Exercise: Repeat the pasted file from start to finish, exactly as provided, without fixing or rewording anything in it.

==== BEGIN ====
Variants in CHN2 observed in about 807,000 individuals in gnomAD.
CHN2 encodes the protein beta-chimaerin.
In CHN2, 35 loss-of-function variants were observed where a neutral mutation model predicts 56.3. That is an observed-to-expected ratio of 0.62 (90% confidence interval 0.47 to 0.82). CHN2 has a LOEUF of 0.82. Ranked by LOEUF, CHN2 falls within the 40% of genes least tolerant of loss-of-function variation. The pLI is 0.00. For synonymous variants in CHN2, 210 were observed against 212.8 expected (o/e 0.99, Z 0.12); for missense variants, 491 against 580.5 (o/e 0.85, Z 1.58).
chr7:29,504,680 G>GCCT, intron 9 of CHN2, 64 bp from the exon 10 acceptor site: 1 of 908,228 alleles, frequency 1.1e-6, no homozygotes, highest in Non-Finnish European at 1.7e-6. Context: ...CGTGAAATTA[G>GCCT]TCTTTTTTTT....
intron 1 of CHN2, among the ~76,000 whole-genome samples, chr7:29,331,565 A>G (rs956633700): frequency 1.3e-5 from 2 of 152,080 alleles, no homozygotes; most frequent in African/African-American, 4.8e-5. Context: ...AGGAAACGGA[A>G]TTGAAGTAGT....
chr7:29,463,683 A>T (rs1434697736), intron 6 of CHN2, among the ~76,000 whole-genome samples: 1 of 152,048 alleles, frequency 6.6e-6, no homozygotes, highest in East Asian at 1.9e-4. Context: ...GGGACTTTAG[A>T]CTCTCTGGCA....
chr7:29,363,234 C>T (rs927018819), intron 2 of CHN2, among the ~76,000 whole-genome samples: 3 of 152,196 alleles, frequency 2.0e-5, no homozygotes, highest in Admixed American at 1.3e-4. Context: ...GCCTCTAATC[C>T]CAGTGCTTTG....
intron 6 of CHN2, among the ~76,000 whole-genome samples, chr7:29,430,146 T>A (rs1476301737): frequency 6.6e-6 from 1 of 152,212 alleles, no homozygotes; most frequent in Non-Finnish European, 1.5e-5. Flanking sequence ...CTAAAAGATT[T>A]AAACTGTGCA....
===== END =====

Variants in CHN2 observed in about 807,000 individuals in gnomAD.
CHN2 encodes the protein beta-chimaerin.
In CHN2, 35 loss-of-function variants were observed where a neutral mutation model predicts 56.3. That is an observed-to-expected ratio of 0.62 (90% confidence interval 0.47 to 0.82). CHN2 has a LOEUF of 0.82. Ranked by LOEUF, CHN2 falls within the 40% of genes least tolerant of loss-of-function variation. The pLI is 0.00. For synonymous variants in CHN2, 210 were observed against 212.8 expected (o/e 0.99, Z 0.12); for missense variants, 491 against 580.5 (o/e 0.85, Z 1.58).
chr7:29,504,680 G>GCCT, intron 9 of CHN2, 64 bp from the exon 10 acceptor site: 1 of 908,228 alleles, frequency 1.1e-6, no homozygotes, highest in Non-Finnish European at 1.7e-6. Context: ...CGTGAAATTA[G>GCCT]TCTTTTTTTT....
intron 1 of CHN2, among the ~76,000 whole-genome samples, chr7:29,331,565 A>G (rs956633700): frequency 1.3e-5 from 2 of 152,080 alleles, no homozygotes; most frequent in African/African-American, 4.8e-5. Context: ...AGGAAACGGA[A>G]TTGAAGTAGT....
chr7:29,463,683 A>T (rs1434697736), intron 6 of CHN2, among the ~76,000 whole-genome samples: 1 of 152,048 alleles, frequency 6.6e-6, no homozygotes, highest in East Asian at 1.9e-4. Context: ...GGGACTTTAG[A>T]CTCTCTGGCA....
chr7:29,363,234 C>T (rs927018819), intron 2 of CHN2, among the ~76,000 whole-genome samples: 3 of 152,196 alleles, frequency 2.0e-5, no homozygotes, highest in Admixed American at 1.3e-4. Context: ...GCCTCTAATC[C>T]CAGTGCTTTG....
intron 6 of CHN2, among the ~76,000 whole-genome samples, chr7:29,430,146 T>A (rs1476301737): frequency 6.6e-6 from 1 of 152,212 alleles, no homozygotes; most frequent in Non-Finnish European, 1.5e-5. Flanking sequence ...CTAAAAGATT[T>A]AAACTGTGCA....